Sunday, March 30, 2008

Chapter 26 ~ No News

Photo by
Brendon Stuart

There was a moment in recovery when a large, distorted face leaned over me, shouting, as if from a distance. Can you hear me? Wake up! “Was something wrong?” I wondered fearfully. “Were they unable to revive me?”

Then two people were rolling me into an elevator, one at the head of my bed and one at the foot. We took up the whole car. They brought me to a big room with bright windows and a little sitting area with a table and chairs, a long couch. It was the nicest patient room in the hospital. I knew my former boss, Mandy, must have arranged it for me.

My sisters and children came to the bed and kissed me, and smiled, and then set themselves up in the sitting room. Claire unpacked the family’s favorite board game, Settlers. Eddy, Rose, Henry, Jane and Francine pulled up chairs around the little table, unpacking the little colored pieces, stacking up the different cards, and giving the room a relaxed, homey feel. Lawrence sat near me, by the head of the bed. My entire chest was wrapped tightly in bandages. I wanted to lift the gauze to peer under it, but I couldn’t. I could see the left side was flat, the right slightly swelling. So at least they had taken the correct breast.

Then Dr. Andreas was sitting beside the bed, reporting. “The surgery went well,” she said. “We got all the breast tissue, with a good, clean margin around the DCIS. But we did find some cancer in the lymph nodes.” She was brusque.

“You did?” I looked at her in alarm. She’d told us before the surgery that if she didn’t find any cancer in the lymph nodes, my chance of recovery was 90-something percent. She hadn’t given a prognosis for the other circumstance.

“The good news is it wasn’t much,” she went on brightly. “We did the sentinal node biopsy during the surgery, as I told you we would, and found cancer there.” She lapsed momentarily into a scientific reverie. “You almost didn’t even have to do the biopsy. You could feel it--the node was hard.” Then she looked at me expectantly, as if this detail would impress me, as if the relative hardness of lymph nodes was something I could appreciate. But all I understood was that the unusual condition of my sentinal node was interesting data to her, a fine addition to her knowledge base. I felt like a lab rat.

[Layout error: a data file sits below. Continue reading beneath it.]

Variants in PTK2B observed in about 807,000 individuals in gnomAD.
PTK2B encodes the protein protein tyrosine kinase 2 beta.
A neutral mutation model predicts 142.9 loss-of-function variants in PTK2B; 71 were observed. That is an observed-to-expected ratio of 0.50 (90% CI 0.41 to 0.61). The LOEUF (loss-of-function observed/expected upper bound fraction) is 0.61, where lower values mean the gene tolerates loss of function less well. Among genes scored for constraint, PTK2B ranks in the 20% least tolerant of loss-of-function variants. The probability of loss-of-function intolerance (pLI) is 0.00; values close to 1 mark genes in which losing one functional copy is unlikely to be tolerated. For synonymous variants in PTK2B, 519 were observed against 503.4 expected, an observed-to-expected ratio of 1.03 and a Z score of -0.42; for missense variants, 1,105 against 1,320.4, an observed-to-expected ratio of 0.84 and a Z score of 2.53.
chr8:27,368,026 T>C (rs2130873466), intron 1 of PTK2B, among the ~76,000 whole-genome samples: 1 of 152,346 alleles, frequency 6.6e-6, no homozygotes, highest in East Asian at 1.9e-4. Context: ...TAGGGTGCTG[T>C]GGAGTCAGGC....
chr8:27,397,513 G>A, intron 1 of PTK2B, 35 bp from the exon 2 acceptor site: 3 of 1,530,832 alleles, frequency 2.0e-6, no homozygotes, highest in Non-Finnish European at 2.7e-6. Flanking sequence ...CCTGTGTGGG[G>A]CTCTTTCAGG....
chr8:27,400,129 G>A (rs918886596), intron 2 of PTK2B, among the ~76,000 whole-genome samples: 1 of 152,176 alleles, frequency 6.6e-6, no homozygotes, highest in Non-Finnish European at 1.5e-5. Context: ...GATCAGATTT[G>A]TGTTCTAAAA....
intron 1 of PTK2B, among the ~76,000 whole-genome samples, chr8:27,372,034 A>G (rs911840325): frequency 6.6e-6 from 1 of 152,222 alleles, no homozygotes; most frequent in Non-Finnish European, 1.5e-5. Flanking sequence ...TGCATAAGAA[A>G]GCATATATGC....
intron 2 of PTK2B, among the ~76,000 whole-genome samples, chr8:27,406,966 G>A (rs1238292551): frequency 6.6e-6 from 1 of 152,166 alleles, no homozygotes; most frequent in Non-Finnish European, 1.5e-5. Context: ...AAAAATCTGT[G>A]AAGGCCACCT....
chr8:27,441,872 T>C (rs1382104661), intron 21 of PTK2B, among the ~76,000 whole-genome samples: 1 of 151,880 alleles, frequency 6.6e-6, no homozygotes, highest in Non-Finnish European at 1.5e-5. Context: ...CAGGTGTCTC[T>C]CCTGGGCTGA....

“ So then we took out about 18 more, and though the lab results aren’t back yet—so it’s not official—it looks like there was cancer in only two of the 19.”

I looked at Lawrence, confused, and noticed for the first time that the rims around his eyelids were red. He held the bed’s remote control in one hand and slid the other up and down the cord. I knew the news wasn’t what we had hoped for, but Dr. Andreas sounded so positive.

“What does that mean?” I asked her.

“What it means is that your treatment isn’t over. I’ll refer you to a medical oncologist, who will manage your care from now on. There will be chemotherapy and radiation, probably. But the surgery definitely was a success. We got all the cancer that we could see, with a good margin. Now you’ll be going after any rogue cells that might have escaped through the lymphatic system and be lurking somewhere else in your body.”

“But I thought DCIS didn’t travel.”

“It doesn’t, normally, if you catch it soon enough. But if you don’t it changes into invasive cancer.”

“So that’s what was in my lymph nodes—invasive cancer?”

“Yes,” she told me.

“Okay,” I mumbled, trying not to react. “When do I start chemotherapy?”

“That will be up to your oncologist. You’re going to have to recover from surgery first, which will probably take a couple of weeks. But I’ll get the referral in the meantime, so you can meet with your new doctor and plan out the next steps.”

Then Dr. Andreas left. Lawrence climbed up onto the bed beside me and began crying softly into my neck. My sisters and children played Settlers in the sitting room, pretending not to notice. I held onto Lawrence and looked down at my bandaged chest, trying to envision what was underneath. I could see almost nothing--just a flat plane on the left, a slight swell on the right, and a glimpse of black marker escaping the bandage, the tips of the letters that spell the word “No.”

Come back next Sunday to read the next chapter, or buy a paperback copy of the whole novel HERE.

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